“Did not our heart burn within us, while he talked with us by the way, and while he opened to us the scriptures?” by Louis A. Dole

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“And they said one to another, Did not our heart burn within us, while he talked with us by the way, and while he opened to us the scriptures?” – Luke 24:32

Readings

Isaiah 60:1-5, 17-22 · Luke 24:23-35 · Psalm 96

Sermon

The joys and sorrows of this life – even of this life at its best – can scarcely sustain us in equanimity. We celebrate the Resurrection because it makes known to us the great fact of the immortality of the soul, giving to us the inspiration and joy of final victory over all that stands in the way of our happiness, and of the all-satisfying life of heaven.

The Resurrection is the most far-reaching fact of history, and in the light of it all of our life here should be lived. It is a great historical truth that once darkness covered the earth and gross darkness the people, and that those who walked in darkness saw a great light, and that to them that dwelt in the region and shadow of death a great light burst forth. Thereafter the world was never the same.

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“The Spirit of the Lord God is upon me; because the Lord hath anointed me to preach good tidings unto the meek,” by Louis A. Dole

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“The Spirit of the Lord God is upon me; because the Lord hath anointed me to preach good tidings unto the meek.” – Isaiah 61:1

Readings

Isaiah 42:1-13 · Luke 1:1-17 · Psalm 145:8-21

Sermon

The season of Advent turns our thoughts toward Christmas and urges us to prepare for the contemplation of the most wonderful event of time or of eternity.

Christmas is properly a time of rejoicing. The announcement of the angel to the shepherds keeping watch over their flocks by night was, “I bring you good tidings of great joy which shall be to all people.”

The coming of the Lord into the world is not an isolated event in the history of humanity. We celebrate Christmas in commemoration of an event which took place long ago, but our rejoicings at this season should be very personal. For this event of long ago has a very direct bearing on our own life.

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“And I give unto them eternal life; and they shall never perish,” by Louis A. Dole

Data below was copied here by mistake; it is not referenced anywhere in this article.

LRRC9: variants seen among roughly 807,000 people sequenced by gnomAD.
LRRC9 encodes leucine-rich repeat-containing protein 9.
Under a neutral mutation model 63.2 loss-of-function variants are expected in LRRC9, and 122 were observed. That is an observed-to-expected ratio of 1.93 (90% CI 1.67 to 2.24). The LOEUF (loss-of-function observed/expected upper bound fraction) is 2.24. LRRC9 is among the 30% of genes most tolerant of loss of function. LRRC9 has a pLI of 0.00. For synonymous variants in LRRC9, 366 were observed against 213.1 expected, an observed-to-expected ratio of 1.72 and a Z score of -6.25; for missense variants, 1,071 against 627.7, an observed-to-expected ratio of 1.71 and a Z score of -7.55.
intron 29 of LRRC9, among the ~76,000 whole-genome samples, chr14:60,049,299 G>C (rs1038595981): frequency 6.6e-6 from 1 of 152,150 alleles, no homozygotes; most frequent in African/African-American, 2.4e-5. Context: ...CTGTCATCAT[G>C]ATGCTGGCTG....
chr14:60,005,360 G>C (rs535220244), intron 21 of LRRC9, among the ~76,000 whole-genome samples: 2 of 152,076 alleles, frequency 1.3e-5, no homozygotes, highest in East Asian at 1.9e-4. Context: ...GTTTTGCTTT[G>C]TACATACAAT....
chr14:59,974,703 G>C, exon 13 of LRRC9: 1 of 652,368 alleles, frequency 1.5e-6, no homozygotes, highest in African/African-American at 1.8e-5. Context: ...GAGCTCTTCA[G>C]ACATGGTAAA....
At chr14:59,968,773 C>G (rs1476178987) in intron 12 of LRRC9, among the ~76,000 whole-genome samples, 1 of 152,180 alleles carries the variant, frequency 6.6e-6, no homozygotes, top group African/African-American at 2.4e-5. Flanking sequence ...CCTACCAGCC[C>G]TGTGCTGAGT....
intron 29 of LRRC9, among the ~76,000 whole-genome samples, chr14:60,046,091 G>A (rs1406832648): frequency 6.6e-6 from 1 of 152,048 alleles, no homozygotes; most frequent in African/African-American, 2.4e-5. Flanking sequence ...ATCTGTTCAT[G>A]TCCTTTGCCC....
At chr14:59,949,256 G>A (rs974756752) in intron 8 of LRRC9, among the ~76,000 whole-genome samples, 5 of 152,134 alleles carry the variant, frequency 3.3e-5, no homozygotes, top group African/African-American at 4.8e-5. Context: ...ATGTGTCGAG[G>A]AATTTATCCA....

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“And I give unto them eternal life; and they shall never perish.” – John 10:28

Readings

Isaiah 63 · Luke 24:1-27 · Psalms 122, 123

Sermon

There is but one subject for today – the Resurrection. It is delightful to us that we celebrate Easter in the spring of the year, when all life is rising again from the sleep of winter. Everyone feels within himself new gladness and new hope in the warmth of the returning sun and the renewal of earth’s life. But this new life which we see bursting into leaf and blossom is still but earthly and physical life. This resurrection of the earth in spring is the symbol – not the reality.

When the Lord said, “Whither I go ye know, and the way ye know,” He was speaking of His death and resurrection. He went to prepare a place for us in heaven, and the way is by His Word, which teaches of Him and shows us that where His presence is there is heaven.

Nor is man’s mere resurrection from the grave the reality of which the Lord spoke when He said, “I give unto them eternal life.” All men have risen from the grave. The life of man is indestructible and always has been so. There is no man who ever lived who does not live now. We cannot die in the sense that we cease to live. The Lord was not speaking of bodily life when He said, “I am the resurrection, and the life: he that believeth in me, though he were dead, yet shall he live: And whosoever liveth and believeth in me shall never die.”

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